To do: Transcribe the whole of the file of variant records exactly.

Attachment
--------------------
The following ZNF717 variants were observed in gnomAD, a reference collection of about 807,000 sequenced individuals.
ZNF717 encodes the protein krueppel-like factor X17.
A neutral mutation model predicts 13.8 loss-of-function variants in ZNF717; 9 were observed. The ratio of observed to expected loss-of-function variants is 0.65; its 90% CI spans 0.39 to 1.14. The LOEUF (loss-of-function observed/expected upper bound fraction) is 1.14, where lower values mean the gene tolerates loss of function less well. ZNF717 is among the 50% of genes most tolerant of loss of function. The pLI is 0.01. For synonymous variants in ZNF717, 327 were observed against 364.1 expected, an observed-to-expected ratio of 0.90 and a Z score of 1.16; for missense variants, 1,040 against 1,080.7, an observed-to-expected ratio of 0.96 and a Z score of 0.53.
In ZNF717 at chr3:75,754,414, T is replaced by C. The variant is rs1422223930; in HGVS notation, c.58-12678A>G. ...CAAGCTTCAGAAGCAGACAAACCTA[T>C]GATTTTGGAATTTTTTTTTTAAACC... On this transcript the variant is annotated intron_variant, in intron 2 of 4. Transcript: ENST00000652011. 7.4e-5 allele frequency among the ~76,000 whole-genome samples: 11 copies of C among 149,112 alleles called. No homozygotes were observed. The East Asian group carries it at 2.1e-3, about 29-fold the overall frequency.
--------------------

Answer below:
The following ZNF717 variants were observed in gnomAD, a reference collection of about 807,000 sequenced individuals.
ZNF717 encodes the protein krueppel-like factor X17.
A neutral mutation model predicts 13.8 loss-of-function variants in ZNF717; 9 were observed. The ratio of observed to expected loss-of-function variants is 0.65; its 90% CI spans 0.39 to 1.14. The LOEUF (loss-of-function observed/expected upper bound fraction) is 1.14, where lower values mean the gene tolerates loss of function less well. ZNF717 is among the 50% of genes most tolerant of loss of function. The pLI is 0.01. For synonymous variants in ZNF717, 327 were observed against 364.1 expected, an observed-to-expected ratio of 0.90 and a Z score of 1.16; for missense variants, 1,040 against 1,080.7, an observed-to-expected ratio of 0.96 and a Z score of 0.53.
In ZNF717 at chr3:75,754,414, T is replaced by C. The variant is rs1422223930; in HGVS notation, c.58-12678A>G. ...CAAGCTTCAGAAGCAGACAAACCTA[T>C]GATTTTGGAATTTTTTTTTTAAACC... On this transcript the variant is annotated intron_variant, in intron 2 of 4. Transcript: ENST00000652011. 7.4e-5 allele frequency among the ~76,000 whole-genome samples: 11 copies of C among 149,112 alleles called. No homozygotes were observed. The East Asian group carries it at 2.1e-3, about 29-fold the overall frequency.